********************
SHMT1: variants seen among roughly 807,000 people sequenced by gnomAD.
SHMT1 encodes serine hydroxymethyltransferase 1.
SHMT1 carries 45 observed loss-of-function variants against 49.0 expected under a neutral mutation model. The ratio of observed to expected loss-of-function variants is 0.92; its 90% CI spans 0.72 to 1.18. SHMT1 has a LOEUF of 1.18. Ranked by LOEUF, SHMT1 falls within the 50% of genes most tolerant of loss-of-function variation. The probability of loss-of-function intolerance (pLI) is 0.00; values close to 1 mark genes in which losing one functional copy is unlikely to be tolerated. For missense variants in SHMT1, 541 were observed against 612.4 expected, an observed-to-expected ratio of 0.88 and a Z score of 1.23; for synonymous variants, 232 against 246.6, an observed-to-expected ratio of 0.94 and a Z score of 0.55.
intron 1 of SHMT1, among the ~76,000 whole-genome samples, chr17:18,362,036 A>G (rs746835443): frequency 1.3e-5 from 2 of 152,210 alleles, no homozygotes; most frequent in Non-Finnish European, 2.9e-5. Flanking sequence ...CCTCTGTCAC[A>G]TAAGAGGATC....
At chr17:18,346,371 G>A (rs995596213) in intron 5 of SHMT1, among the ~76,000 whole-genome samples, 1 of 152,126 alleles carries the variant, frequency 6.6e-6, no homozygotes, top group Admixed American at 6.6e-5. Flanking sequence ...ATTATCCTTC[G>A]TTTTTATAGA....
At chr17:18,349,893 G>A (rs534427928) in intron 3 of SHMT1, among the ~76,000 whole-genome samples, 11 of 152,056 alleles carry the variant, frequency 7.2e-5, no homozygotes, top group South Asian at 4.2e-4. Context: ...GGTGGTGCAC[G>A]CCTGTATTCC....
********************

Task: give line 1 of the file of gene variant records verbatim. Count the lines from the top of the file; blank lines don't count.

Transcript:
SHMT1: variants seen among roughly 807,000 people sequenced by gnomAD.